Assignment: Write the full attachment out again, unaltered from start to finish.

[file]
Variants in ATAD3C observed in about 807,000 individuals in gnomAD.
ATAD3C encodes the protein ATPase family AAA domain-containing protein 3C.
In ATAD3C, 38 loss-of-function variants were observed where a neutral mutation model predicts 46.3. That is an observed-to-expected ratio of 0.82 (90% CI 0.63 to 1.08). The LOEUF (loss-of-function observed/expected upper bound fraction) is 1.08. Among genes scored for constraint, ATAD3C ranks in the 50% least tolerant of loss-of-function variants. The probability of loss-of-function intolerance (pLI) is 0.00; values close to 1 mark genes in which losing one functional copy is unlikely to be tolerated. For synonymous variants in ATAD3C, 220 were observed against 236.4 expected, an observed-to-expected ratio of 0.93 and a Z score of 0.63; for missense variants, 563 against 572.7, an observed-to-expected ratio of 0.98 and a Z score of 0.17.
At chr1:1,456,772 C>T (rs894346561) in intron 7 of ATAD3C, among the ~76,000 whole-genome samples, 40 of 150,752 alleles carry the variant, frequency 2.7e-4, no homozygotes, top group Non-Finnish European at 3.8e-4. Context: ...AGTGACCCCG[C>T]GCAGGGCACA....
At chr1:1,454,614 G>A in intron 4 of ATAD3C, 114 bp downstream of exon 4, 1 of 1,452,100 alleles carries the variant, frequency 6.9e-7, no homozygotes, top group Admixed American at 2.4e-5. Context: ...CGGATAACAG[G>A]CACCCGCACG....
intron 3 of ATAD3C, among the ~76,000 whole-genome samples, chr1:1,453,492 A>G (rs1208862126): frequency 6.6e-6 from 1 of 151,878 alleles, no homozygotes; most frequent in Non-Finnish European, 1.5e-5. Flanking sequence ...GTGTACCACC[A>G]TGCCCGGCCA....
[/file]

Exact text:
Variants in ATAD3C observed in about 807,000 individuals in gnomAD.
ATAD3C encodes the protein ATPase family AAA domain-containing protein 3C.
In ATAD3C, 38 loss-of-function variants were observed where a neutral mutation model predicts 46.3. That is an observed-to-expected ratio of 0.82 (90% CI 0.63 to 1.08). The LOEUF (loss-of-function observed/expected upper bound fraction) is 1.08. Among genes scored for constraint, ATAD3C ranks in the 50% least tolerant of loss-of-function variants. The probability of loss-of-function intolerance (pLI) is 0.00; values close to 1 mark genes in which losing one functional copy is unlikely to be tolerated. For synonymous variants in ATAD3C, 220 were observed against 236.4 expected, an observed-to-expected ratio of 0.93 and a Z score of 0.63; for missense variants, 563 against 572.7, an observed-to-expected ratio of 0.98 and a Z score of 0.17.
At chr1:1,456,772 C>T (rs894346561) in intron 7 of ATAD3C, among the ~76,000 whole-genome samples, 40 of 150,752 alleles carry the variant, frequency 2.7e-4, no homozygotes, top group Non-Finnish European at 3.8e-4. Context: ...AGTGACCCCG[C>T]GCAGGGCACA....
At chr1:1,454,614 G>A in intron 4 of ATAD3C, 114 bp downstream of exon 4, 1 of 1,452,100 alleles carries the variant, frequency 6.9e-7, no homozygotes, top group Admixed American at 2.4e-5. Context: ...CGGATAACAG[G>A]CACCCGCACG....
intron 3 of ATAD3C, among the ~76,000 whole-genome samples, chr1:1,453,492 A>G (rs1208862126): frequency 6.6e-6 from 1 of 151,878 alleles, no homozygotes; most frequent in Non-Finnish European, 1.5e-5. Flanking sequence ...GTGTACCACC[A>G]TGCCCGGCCA....